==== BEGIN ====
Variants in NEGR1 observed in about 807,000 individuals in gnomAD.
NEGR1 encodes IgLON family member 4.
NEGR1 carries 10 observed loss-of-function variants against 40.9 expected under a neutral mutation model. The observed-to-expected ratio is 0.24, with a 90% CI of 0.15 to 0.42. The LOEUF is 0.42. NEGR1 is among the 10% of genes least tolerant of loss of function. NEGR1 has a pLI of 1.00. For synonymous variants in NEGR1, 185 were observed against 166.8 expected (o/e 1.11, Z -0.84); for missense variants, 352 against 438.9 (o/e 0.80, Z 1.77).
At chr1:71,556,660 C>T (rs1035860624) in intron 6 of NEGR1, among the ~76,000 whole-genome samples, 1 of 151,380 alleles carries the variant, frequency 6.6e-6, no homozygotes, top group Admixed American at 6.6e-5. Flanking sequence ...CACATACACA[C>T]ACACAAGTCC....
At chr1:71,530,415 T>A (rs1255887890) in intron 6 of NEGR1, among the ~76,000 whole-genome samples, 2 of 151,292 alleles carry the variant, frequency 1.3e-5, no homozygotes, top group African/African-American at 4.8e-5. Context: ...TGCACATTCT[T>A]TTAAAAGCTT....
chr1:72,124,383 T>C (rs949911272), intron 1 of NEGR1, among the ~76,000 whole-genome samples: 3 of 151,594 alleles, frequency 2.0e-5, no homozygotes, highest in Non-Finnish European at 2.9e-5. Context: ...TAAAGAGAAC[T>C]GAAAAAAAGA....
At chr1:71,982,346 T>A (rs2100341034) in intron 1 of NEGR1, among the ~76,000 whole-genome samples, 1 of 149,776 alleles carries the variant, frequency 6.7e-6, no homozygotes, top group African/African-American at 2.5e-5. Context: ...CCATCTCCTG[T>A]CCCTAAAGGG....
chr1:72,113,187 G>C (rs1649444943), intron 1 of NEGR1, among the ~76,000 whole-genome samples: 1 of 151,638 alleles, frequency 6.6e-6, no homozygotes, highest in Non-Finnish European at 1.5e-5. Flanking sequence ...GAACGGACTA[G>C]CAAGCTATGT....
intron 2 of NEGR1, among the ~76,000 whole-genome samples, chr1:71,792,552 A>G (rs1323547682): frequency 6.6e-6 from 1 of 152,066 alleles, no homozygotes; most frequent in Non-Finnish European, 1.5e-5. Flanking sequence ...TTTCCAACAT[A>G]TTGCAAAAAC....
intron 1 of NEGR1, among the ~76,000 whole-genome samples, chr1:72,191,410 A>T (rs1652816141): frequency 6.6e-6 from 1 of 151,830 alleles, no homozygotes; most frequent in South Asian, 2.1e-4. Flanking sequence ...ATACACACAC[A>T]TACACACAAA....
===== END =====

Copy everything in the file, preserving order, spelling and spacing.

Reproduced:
Variants in NEGR1 observed in about 807,000 individuals in gnomAD.
NEGR1 encodes IgLON family member 4.
NEGR1 carries 10 observed loss-of-function variants against 40.9 expected under a neutral mutation model. The observed-to-expected ratio is 0.24, with a 90% CI of 0.15 to 0.42. The LOEUF is 0.42. NEGR1 is among the 10% of genes least tolerant of loss of function. NEGR1 has a pLI of 1.00. For synonymous variants in NEGR1, 185 were observed against 166.8 expected (o/e 1.11, Z -0.84); for missense variants, 352 against 438.9 (o/e 0.80, Z 1.77).
At chr1:71,556,660 C>T (rs1035860624) in intron 6 of NEGR1, among the ~76,000 whole-genome samples, 1 of 151,380 alleles carries the variant, frequency 6.6e-6, no homozygotes, top group Admixed American at 6.6e-5. Flanking sequence ...CACATACACA[C>T]ACACAAGTCC....
At chr1:71,530,415 T>A (rs1255887890) in intron 6 of NEGR1, among the ~76,000 whole-genome samples, 2 of 151,292 alleles carry the variant, frequency 1.3e-5, no homozygotes, top group African/African-American at 4.8e-5. Context: ...TGCACATTCT[T>A]TTAAAAGCTT....
chr1:72,124,383 T>C (rs949911272), intron 1 of NEGR1, among the ~76,000 whole-genome samples: 3 of 151,594 alleles, frequency 2.0e-5, no homozygotes, highest in Non-Finnish European at 2.9e-5. Context: ...TAAAGAGAAC[T>C]GAAAAAAAGA....
At chr1:71,982,346 T>A (rs2100341034) in intron 1 of NEGR1, among the ~76,000 whole-genome samples, 1 of 149,776 alleles carries the variant, frequency 6.7e-6, no homozygotes, top group African/African-American at 2.5e-5. Context: ...CCATCTCCTG[T>A]CCCTAAAGGG....
chr1:72,113,187 G>C (rs1649444943), intron 1 of NEGR1, among the ~76,000 whole-genome samples: 1 of 151,638 alleles, frequency 6.6e-6, no homozygotes, highest in Non-Finnish European at 1.5e-5. Flanking sequence ...GAACGGACTA[G>C]CAAGCTATGT....
intron 2 of NEGR1, among the ~76,000 whole-genome samples, chr1:71,792,552 A>G (rs1323547682): frequency 6.6e-6 from 1 of 152,066 alleles, no homozygotes; most frequent in Non-Finnish European, 1.5e-5. Flanking sequence ...TTTCCAACAT[A>G]TTGCAAAAAC....
intron 1 of NEGR1, among the ~76,000 whole-genome samples, chr1:72,191,410 A>T (rs1652816141): frequency 6.6e-6 from 1 of 151,830 alleles, no homozygotes; most frequent in South Asian, 2.1e-4. Flanking sequence ...ATACACACAC[A>T]TACACACAAA....